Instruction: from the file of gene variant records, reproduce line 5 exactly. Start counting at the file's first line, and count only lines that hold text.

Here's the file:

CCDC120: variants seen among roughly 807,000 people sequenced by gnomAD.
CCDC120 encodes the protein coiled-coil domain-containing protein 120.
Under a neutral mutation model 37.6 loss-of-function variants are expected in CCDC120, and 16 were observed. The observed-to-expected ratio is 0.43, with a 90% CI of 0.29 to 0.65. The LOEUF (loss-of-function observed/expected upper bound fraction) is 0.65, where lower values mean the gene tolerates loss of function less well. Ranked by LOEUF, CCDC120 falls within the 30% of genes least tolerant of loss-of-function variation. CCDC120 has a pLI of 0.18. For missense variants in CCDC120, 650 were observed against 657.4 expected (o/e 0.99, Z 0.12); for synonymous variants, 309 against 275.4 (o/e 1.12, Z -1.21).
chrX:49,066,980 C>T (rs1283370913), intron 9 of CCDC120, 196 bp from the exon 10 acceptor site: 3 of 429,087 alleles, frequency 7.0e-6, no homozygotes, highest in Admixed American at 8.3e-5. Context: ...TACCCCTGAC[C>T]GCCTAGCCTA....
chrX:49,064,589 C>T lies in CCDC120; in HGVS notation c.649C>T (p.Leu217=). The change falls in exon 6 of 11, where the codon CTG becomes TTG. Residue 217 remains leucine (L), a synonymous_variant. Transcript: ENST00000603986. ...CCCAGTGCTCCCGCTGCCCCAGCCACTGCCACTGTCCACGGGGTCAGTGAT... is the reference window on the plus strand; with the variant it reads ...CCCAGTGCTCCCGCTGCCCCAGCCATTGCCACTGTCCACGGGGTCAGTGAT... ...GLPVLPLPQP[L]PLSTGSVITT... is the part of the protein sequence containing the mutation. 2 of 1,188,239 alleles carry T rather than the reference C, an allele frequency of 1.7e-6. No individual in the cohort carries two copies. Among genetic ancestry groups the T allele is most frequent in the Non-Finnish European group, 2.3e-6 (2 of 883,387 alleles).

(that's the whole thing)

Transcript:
chrX:49,064,589 C>T lies in CCDC120; in HGVS notation c.649C>T (p.Leu217=). The change falls in exon 6 of 11, where the codon CTG becomes TTG. Residue 217 remains leucine (L), a synonymous_variant. Transcript: ENST00000603986. ...CCCAGTGCTCCCGCTGCCCCAGCCACTGCCACTGTCCACGGGGTCAGTGAT... is the reference window on the plus strand; with the variant it reads ...CCCAGTGCTCCCGCTGCCCCAGCCATTGCCACTGTCCACGGGGTCAGTGAT... ...GLPVLPLPQP[L]PLSTGSVITT... is the part of the protein sequence containing the mutation. 2 of 1,188,239 alleles carry T rather than the reference C, an allele frequency of 1.7e-6. No individual in the cohort carries two copies. Among genetic ancestry groups the T allele is most frequent in the Non-Finnish European group, 2.3e-6 (2 of 883,387 alleles).